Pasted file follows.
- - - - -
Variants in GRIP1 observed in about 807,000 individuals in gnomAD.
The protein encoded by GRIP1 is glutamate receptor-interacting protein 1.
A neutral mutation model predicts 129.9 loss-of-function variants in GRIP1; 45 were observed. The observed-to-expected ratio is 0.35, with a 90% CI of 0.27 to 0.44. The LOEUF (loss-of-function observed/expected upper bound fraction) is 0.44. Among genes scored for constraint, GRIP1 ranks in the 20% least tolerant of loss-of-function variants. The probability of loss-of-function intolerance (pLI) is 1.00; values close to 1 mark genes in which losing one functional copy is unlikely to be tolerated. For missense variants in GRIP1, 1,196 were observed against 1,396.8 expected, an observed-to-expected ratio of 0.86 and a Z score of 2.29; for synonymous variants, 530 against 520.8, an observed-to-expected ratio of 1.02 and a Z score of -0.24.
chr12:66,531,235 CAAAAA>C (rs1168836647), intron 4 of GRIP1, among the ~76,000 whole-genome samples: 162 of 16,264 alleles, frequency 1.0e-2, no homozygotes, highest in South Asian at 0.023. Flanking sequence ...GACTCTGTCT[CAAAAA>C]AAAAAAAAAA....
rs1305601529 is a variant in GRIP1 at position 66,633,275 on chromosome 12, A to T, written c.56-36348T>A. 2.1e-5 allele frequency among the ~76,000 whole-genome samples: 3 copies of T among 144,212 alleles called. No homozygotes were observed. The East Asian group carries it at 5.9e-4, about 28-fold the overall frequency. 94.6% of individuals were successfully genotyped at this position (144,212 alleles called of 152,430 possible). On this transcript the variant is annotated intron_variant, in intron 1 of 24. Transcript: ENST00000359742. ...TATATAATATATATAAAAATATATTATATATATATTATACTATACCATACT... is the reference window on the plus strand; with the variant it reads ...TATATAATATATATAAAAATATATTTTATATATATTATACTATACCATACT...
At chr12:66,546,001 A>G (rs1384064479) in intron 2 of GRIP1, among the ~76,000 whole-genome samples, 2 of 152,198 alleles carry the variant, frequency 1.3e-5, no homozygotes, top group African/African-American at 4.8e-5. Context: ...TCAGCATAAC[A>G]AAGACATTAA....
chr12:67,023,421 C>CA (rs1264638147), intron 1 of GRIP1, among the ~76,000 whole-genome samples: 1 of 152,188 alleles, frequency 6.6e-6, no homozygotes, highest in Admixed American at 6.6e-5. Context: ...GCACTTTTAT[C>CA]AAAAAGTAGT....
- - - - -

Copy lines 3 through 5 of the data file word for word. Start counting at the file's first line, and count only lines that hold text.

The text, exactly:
A neutral mutation model predicts 129.9 loss-of-function variants in GRIP1; 45 were observed. The observed-to-expected ratio is 0.35, with a 90% CI of 0.27 to 0.44. The LOEUF (loss-of-function observed/expected upper bound fraction) is 0.44. Among genes scored for constraint, GRIP1 ranks in the 20% least tolerant of loss-of-function variants. The probability of loss-of-function intolerance (pLI) is 1.00; values close to 1 mark genes in which losing one functional copy is unlikely to be tolerated. For missense variants in GRIP1, 1,196 were observed against 1,396.8 expected, an observed-to-expected ratio of 0.86 and a Z score of 2.29; for synonymous variants, 530 against 520.8, an observed-to-expected ratio of 1.02 and a Z score of -0.24.
chr12:66,531,235 CAAAAA>C (rs1168836647), intron 4 of GRIP1, among the ~76,000 whole-genome samples: 162 of 16,264 alleles, frequency 1.0e-2, no homozygotes, highest in South Asian at 0.023. Flanking sequence ...GACTCTGTCT[CAAAAA>C]AAAAAAAAAA....
rs1305601529 is a variant in GRIP1 at position 66,633,275 on chromosome 12, A to T, written c.56-36348T>A. 2.1e-5 allele frequency among the ~76,000 whole-genome samples: 3 copies of T among 144,212 alleles called. No homozygotes were observed. The East Asian group carries it at 5.9e-4, about 28-fold the overall frequency. 94.6% of individuals were successfully genotyped at this position (144,212 alleles called of 152,430 possible). On this transcript the variant is annotated intron_variant, in intron 1 of 24. Transcript: ENST00000359742. ...TATATAATATATATAAAAATATATTATATATATATTATACTATACCATACT... is the reference window on the plus strand; with the variant it reads ...TATATAATATATATAAAAATATATTTTATATATATTATACTATACCATACT...